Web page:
The growth in the sociological study of sport, and the volume of research into specialist aspects of sport and society, has produced a burgeoning literature of books, edited collections, and specialist journals, as described in Malcolm 2012. This article is mainly a guide to texts—textbooks and collections of articles and monographs—rather than journal articles. Those looking for specific journal article references could use the reading lists in the textbooks, the journals mentioned in the relevant section or the following online resources. Both the Los Angeles Olympic Games in 1984 and the London Olympic and Paralympics Games in 2012 saw attempts to develop online resources for scholars of sport and the Olympics in particular. The LA84 Foundation funds youth sport in Southern California, trains coaches, and examines the role of sport in society. The foundation is the legacy of the 1984 Los Angeles Olympic Games. In addition, the LA84 Foundation maintains a traditional paper-based library as well as a growing digital library. Together, these collections cover all aspects of sport, with a particular emphasis on Olympic information. Library visits are by appointment only. The traditional library holds 40,000 printed volumes, 6,000 microform volumes, 7,000 videos, 400 periodical titles, and 90,000 photo images. The Sports Library & Digital Collection provides several hundred thousand PDFs of articles, books, and other documents available at no cost to website visitors. The digital collection includes journals such as Football Studies, Journal of Olympic History, Journal of Sport History, Journal of the Philosophy of Sport, Olympika, and Sport in History and all the Official Olympic Reports (from1896 onward). The British Library “Sport and Society” website was established in 2010 and took the London 2012 Olympic and Paralympic Games as a platform upon which to introduce the wide range of sports-related social science material held at the library. This online resource can now be found at the UK Web Archive. While this article provides a guide to a small fraction of the literature that has been produced on sociology and sport in the English language (and most notably in the United States, Canada, the United Kingdom, Australia, and New Zealand), it is worth noting that other societies have equally long traditions of sociological study into sport that are available in other languages (in French, for example: see Pociello 1981).

  • LA84 Foundation.

    The LA84 Foundation funds youth sports in Southern California, trains coaches, and examines the role of sport in society. The foundation is a legacy of the 1984 Los Angeles Olympic Games.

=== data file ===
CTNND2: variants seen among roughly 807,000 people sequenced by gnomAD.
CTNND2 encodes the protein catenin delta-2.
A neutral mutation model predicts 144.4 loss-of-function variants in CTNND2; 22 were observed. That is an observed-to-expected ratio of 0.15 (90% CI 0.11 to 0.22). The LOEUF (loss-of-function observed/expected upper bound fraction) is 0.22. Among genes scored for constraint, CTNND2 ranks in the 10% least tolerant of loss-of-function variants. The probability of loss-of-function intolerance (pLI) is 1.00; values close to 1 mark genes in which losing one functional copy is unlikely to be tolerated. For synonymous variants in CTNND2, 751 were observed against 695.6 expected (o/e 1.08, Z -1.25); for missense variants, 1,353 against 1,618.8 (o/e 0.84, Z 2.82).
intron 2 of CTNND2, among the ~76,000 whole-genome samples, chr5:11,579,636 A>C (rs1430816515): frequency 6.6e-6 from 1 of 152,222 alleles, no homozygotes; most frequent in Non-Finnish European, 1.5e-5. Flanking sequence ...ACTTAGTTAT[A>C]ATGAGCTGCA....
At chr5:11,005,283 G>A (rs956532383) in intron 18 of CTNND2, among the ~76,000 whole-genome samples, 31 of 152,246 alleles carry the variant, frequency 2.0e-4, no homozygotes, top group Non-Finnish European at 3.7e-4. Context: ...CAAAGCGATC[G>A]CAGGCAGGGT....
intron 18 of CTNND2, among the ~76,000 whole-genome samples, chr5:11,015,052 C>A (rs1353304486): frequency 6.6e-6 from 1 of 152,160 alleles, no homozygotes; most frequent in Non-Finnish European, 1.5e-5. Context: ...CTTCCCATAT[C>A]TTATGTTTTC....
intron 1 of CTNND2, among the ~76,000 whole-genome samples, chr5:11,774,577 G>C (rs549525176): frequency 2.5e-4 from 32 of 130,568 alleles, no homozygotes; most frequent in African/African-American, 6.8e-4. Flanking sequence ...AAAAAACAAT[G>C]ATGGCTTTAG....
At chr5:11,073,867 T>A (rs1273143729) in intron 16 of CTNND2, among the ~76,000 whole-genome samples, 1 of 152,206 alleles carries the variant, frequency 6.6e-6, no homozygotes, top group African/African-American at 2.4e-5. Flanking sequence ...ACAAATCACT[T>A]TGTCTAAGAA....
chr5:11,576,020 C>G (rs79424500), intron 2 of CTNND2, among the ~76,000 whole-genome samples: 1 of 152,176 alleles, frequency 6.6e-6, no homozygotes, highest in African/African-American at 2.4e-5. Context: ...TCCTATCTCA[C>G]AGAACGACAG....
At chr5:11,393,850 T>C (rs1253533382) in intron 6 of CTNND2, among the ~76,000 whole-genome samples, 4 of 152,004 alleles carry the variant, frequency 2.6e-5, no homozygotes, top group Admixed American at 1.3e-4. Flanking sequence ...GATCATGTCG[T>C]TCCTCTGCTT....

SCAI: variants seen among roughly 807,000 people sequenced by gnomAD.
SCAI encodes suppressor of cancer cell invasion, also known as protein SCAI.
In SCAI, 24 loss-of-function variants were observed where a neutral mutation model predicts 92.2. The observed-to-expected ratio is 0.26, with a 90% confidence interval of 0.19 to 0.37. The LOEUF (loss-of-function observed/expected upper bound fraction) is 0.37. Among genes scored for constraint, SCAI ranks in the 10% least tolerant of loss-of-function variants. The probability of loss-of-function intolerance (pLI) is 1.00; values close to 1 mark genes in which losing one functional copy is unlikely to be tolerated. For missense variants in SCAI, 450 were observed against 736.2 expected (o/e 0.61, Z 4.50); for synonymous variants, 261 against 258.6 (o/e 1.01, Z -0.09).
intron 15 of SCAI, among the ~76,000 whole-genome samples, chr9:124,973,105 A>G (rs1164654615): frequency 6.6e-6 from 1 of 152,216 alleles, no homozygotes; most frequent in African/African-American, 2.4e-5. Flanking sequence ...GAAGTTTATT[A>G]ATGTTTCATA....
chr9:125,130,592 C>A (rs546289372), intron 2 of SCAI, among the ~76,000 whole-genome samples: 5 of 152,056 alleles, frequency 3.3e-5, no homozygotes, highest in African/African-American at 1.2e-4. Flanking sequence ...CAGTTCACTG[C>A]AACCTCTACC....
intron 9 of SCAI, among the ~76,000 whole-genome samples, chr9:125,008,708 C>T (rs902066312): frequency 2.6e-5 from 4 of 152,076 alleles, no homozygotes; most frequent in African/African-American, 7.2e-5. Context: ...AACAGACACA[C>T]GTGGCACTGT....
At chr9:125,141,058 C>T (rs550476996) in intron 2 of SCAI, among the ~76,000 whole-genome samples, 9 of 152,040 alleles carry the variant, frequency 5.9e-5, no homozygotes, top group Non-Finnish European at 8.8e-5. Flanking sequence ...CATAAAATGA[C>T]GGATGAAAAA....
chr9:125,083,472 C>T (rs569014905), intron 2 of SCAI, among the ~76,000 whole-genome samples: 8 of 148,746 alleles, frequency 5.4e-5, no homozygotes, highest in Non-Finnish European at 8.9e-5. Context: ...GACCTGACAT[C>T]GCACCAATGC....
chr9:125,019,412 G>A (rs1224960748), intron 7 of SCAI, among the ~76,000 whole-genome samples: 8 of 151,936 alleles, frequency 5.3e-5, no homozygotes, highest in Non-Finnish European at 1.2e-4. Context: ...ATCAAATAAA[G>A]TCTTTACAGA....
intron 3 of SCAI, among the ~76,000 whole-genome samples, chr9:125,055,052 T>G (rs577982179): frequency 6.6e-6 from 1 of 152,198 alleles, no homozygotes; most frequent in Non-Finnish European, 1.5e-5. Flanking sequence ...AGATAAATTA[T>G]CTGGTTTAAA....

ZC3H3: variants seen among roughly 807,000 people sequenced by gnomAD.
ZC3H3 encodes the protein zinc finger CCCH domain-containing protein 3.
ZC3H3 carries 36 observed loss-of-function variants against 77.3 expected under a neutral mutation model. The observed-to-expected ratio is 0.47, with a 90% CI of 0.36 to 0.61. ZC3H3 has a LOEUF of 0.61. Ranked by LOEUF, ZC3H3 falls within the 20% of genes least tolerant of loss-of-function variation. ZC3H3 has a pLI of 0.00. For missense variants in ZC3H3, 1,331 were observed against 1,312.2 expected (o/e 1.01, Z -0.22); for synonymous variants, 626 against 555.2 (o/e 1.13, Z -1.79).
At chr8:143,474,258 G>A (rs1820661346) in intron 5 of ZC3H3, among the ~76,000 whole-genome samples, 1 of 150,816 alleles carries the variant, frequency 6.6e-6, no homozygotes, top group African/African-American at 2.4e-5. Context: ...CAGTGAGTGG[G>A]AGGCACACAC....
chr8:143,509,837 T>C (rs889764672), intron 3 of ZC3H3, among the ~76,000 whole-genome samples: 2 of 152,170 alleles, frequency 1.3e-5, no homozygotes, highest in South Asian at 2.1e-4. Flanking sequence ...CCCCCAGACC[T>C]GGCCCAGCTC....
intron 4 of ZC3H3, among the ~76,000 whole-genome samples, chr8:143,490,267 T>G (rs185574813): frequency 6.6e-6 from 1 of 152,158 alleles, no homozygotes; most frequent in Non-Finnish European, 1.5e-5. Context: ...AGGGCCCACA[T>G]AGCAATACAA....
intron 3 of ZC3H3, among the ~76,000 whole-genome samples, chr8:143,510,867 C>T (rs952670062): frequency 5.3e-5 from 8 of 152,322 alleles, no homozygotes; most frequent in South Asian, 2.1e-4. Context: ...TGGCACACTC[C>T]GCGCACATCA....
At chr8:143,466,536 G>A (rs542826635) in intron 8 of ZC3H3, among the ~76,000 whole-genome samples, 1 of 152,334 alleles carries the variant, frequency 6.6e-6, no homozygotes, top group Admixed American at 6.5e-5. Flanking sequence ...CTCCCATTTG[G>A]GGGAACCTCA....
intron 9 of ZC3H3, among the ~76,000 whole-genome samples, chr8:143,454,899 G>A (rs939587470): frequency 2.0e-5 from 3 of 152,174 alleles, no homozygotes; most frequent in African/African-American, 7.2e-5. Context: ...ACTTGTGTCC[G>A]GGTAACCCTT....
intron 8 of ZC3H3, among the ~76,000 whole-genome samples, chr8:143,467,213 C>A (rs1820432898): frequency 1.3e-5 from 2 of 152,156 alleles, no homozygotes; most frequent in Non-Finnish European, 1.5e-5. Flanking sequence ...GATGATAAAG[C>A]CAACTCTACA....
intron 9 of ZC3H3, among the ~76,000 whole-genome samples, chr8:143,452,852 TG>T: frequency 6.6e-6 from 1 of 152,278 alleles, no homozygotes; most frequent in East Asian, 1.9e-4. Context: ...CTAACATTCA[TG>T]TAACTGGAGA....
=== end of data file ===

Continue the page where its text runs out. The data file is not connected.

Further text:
• Malcolm, D. 2012. Sport and sociology. London: Routledge.

    This book assesses the growth of the sociology of sport, traces its developmental phases, and takes stock of the current state of knowledge. Focusing on central issues and concepts within sociological discourse such as race, gender, celebrity, the body, and social theory, the book assesses the successes and failures of the sociology of sport in influencing the parent discipline, related subdisciplines, and the wider public. Of use most especially to senior undergraduate and graduate students.

  • Pociello, C. 1981. Sports et société: Approche socio-culturelle des pratiques. Paris: Vigot.

    An edited collection of chapters written by scholars influenced by the work of Pierre Bourdieu, among other French social theorists.

  • Sports Library & Digital Collection.

    The LA84 Foundation maintains a traditional paper-based library as well as a growing digital library. Together, these collections cover all aspects of sport, with a particular emphasis on Olympic information. Library visits are by appointment only. Library hours: Monday–Friday 10:00 am to 5:00 pm (excluding holidays).

  • UK Web Archive.

    The UK Web Archive contains thousands of UK websites that have been collected since 2004. Here you can see how sites have changed over time, locate information no longer available on the live Web and observe the history of a range of UK activities represented online. “Sport & Society–The Summer Olympics and Paralympics through the Lens of social science” is a site archived for preservation by the British Library via the UK Web Archive. It contains examples of social scientific writing on sport and the Olympic and Paralympic Games especially.